Ernest Fiene


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Painter and printmaker. Varied in subject and approach, Fiene's mildly expressionistic, stylized realism ranges from intimate figure studies and emotionally charged landscapes to precisionist-related architectural compositions. Born in Elberfeld, Germany, in 1912 he arrived in New York and was naturalized as a citizen in 1927. He began his training in 1914 at the National Academy of Design and later studied at the Art Students League, where he subsequently taught for many years. From the early 1920s he maintained a residence in Woodstock, while from 1933 until 1957 he owned a retreat in Southbury, Connecticut. During the Depression he found work with federal art projects. Besides oil paintings, murals, and book illustrations, he produced many prints, mainly lithographs such as Empire State Building (1930), which frames the soaring new building with jutting, partially abstracted forms. Fiene died in a Paris atelier, while editioning color lithographs. He was the author of Complete Guide to Oil Painting (1964). In 1945 he married painter and muralist Alicia Wiencek (1918–61). His brother, sculptor Paul Fiene (1899–1949), also arrived from Germany in 1912. Particularly known for animal sculptures, both carved and cast, he, too, worked at Woodstock.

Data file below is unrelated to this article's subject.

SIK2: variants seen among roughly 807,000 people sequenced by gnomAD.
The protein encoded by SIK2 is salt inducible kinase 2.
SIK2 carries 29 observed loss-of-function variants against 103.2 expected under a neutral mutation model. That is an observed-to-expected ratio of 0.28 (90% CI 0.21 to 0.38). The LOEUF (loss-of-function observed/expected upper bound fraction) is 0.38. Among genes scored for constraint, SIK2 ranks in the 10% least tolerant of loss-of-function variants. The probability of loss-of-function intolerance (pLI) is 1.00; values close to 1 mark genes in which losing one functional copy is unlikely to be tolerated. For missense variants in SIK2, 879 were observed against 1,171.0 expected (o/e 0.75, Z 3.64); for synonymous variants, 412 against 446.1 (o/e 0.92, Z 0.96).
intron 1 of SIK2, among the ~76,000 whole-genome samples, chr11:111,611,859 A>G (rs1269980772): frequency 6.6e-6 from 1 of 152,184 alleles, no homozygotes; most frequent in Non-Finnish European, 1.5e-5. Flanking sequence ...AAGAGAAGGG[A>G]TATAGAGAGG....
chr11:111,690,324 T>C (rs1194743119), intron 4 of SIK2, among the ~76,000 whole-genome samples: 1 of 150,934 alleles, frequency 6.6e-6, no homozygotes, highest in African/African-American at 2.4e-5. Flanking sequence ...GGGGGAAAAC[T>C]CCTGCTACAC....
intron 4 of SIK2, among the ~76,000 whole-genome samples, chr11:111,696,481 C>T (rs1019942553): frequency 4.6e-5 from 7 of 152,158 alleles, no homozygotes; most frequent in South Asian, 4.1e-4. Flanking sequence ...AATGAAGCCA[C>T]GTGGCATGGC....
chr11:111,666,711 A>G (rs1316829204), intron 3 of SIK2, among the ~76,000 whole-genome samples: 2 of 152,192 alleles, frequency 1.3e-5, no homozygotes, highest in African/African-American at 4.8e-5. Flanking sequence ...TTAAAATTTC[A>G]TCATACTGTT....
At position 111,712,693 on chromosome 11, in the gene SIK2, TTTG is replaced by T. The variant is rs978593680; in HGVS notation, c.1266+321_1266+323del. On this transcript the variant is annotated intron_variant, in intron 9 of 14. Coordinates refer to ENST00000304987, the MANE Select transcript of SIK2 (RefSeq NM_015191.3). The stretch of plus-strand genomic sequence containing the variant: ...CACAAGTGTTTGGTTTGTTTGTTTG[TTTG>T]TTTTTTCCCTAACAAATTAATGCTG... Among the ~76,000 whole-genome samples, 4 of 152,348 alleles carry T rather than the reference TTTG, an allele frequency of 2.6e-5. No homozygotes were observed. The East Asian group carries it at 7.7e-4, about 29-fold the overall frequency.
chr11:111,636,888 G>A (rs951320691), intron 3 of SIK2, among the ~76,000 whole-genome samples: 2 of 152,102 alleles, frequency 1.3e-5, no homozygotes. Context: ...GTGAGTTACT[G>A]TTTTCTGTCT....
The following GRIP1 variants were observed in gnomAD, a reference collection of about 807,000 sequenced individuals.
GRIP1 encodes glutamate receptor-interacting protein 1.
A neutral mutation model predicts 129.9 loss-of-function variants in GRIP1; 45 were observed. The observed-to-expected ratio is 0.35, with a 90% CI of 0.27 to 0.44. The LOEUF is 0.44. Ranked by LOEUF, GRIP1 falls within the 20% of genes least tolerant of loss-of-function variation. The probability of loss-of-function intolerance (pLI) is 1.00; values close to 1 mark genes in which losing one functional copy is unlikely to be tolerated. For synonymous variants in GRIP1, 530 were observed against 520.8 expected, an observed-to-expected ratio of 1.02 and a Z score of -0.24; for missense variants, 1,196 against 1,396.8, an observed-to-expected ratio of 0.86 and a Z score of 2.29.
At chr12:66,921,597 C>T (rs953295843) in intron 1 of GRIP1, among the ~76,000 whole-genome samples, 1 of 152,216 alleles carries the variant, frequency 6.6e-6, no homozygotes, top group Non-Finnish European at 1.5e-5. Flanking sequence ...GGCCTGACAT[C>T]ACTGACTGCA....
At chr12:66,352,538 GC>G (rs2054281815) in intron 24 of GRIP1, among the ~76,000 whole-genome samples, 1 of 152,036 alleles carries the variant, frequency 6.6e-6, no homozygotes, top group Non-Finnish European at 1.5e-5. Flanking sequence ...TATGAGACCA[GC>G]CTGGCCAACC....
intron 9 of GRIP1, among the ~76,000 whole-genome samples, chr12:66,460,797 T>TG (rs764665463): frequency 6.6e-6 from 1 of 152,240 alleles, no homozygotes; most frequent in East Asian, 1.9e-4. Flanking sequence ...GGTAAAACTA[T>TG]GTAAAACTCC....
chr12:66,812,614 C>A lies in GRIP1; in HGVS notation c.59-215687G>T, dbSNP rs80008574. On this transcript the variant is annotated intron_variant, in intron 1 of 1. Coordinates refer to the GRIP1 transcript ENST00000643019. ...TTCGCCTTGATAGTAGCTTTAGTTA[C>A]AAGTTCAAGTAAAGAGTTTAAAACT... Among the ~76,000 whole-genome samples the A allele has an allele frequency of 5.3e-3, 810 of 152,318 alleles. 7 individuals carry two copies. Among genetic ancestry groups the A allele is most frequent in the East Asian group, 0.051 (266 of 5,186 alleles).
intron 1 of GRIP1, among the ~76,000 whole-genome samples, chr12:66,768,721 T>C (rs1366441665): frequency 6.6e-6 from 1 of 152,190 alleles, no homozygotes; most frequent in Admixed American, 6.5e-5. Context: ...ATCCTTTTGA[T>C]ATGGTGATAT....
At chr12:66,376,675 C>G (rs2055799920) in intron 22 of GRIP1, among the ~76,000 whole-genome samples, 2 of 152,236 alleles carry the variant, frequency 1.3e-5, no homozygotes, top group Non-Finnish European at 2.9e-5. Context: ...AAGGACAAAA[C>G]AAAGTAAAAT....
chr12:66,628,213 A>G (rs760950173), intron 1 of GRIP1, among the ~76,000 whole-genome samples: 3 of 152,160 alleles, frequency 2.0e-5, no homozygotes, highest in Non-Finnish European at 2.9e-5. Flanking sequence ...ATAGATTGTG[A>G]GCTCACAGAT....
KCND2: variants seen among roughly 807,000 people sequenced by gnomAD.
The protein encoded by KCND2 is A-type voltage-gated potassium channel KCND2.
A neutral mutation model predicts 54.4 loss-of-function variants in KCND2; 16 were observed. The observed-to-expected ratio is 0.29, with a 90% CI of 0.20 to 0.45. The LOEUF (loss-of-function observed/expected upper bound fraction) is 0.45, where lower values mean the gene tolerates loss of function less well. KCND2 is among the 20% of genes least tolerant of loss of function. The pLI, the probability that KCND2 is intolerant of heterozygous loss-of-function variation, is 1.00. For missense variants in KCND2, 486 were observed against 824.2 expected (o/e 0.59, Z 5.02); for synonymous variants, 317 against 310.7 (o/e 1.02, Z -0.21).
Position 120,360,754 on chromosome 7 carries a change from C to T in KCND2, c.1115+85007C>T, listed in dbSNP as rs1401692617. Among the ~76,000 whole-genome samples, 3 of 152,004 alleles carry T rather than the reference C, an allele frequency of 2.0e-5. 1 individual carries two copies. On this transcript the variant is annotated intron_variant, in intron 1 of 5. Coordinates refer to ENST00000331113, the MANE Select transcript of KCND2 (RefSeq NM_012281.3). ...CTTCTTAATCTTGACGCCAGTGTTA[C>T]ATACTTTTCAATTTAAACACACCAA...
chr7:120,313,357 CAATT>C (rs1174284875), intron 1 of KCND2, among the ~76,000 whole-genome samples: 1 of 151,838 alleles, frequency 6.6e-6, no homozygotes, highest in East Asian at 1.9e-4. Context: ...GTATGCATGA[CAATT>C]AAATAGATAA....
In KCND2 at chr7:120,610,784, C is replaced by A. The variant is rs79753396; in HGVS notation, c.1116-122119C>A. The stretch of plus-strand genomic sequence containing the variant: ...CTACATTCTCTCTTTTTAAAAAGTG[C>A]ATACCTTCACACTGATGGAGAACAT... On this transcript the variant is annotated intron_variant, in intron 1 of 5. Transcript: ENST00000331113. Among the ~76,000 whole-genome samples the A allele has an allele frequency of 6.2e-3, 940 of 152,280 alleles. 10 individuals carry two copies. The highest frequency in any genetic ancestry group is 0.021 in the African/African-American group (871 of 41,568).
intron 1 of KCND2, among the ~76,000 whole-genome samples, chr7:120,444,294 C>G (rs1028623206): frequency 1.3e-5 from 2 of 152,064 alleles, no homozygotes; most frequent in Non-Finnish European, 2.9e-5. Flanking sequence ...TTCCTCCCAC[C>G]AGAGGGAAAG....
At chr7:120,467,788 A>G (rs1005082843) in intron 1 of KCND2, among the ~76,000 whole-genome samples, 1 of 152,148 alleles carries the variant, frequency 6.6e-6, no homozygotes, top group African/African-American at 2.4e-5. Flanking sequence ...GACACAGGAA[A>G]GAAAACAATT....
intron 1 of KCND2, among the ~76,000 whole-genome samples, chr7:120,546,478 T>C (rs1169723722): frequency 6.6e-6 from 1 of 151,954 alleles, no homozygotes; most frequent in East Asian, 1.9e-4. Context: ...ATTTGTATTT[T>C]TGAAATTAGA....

Subjects: Art.

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